Thousands of school pupils are being given a £10 credit union savings account to teach them how to manage money.
The scheme in Glasgow is said to be the first in the UK and the city council hopes it will "halt the rise of high-cost payday lenders".
Dubbed Glasgow's Starter for Ten, 4,000 S1 pupils will be eligible to use the account with an initial deposit of £10 in each one.
The project was launched by council treasurer Paul Rooney at Lochend Community High School in Easterhouse and it is part of an overall scheme by the council to promote credit unions over loan companies.
Cllr Rooney said: "What we want to do with this project is give every young Glaswegian a safe and secure relationship with a credit union that is responsible to its members and to its community.
"Straight away, they will start to learn about managing money and will have the opportunity to save.
"And if, years from now, they decide they need to borrow; they will also have access to a lender that knows them well and will help them - rather than simply see them as an opportunity to turn a profit."
A council group studied the impact of payday loans last year and proposed a range of measures to promote credit unions, including the Starter for Ten scheme.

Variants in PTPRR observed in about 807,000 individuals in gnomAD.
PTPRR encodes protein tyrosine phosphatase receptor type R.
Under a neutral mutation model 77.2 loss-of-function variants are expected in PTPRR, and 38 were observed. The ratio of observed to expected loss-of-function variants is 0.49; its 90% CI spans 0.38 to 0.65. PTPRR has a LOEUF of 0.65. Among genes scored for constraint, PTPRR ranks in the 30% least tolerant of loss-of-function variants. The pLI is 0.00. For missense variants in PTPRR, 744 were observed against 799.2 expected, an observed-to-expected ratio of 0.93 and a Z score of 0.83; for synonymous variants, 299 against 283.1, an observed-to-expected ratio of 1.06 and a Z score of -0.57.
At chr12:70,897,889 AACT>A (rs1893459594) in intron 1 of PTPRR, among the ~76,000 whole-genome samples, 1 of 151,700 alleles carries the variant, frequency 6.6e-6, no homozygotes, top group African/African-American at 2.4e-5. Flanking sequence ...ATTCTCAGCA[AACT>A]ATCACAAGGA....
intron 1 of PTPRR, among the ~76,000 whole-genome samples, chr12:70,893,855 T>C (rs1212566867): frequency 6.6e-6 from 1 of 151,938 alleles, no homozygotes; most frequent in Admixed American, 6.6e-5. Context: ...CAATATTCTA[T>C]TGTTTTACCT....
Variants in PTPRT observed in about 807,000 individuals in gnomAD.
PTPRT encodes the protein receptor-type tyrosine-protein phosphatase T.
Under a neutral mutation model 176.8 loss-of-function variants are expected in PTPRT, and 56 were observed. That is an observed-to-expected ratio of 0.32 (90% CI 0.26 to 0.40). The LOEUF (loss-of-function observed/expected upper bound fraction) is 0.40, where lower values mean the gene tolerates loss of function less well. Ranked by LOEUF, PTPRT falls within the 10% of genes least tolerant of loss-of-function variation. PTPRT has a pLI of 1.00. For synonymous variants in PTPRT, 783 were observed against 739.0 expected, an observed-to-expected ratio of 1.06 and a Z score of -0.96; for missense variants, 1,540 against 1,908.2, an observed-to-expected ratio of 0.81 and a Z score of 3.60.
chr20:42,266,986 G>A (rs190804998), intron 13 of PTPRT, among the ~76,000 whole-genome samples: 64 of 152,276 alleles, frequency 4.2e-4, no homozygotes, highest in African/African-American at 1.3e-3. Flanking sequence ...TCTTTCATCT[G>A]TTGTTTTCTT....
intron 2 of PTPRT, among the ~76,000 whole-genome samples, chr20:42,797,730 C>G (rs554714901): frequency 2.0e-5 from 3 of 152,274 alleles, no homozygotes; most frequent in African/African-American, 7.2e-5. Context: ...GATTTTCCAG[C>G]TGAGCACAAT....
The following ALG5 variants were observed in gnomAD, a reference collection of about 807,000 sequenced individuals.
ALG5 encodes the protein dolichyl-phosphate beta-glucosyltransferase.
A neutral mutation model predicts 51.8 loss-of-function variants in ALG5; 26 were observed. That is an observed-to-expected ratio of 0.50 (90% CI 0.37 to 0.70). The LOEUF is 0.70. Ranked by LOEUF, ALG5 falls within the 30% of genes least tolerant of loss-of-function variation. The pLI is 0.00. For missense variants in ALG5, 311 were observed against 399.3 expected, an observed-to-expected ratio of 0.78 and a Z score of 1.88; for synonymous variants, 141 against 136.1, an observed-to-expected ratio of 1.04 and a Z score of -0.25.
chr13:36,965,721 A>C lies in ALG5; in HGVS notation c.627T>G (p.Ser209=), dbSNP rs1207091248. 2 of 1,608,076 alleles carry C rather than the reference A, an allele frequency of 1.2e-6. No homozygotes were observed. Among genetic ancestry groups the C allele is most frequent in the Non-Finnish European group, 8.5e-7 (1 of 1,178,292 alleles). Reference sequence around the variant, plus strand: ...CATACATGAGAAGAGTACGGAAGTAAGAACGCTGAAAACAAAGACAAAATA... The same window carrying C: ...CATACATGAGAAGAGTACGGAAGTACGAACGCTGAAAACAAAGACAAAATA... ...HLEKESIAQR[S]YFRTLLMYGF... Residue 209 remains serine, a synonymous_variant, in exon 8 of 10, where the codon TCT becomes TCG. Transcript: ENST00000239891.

The council said it will not lease any of its commercial property to payday lenders and it has blocked computers on its networks from accessing payday loan websites.
Meanwhile, credit unions are being encouraged to be more visible in communities with the council offering rent subsidies and rates relief.
Cllr Rooney said: "It is clear that many people who use a series of short, expensive loans actually need longer-term credit, but often perceive it to be quicker and easier to get money with payday lenders.
"However, if someone already has a relationship with a credit union, then it can respond quickly and offer affordable, sustainable finance when it is needed.
"Just as importantly, it can also help them to save and manage their money well in the long term; which the payday lenders are just not interested in."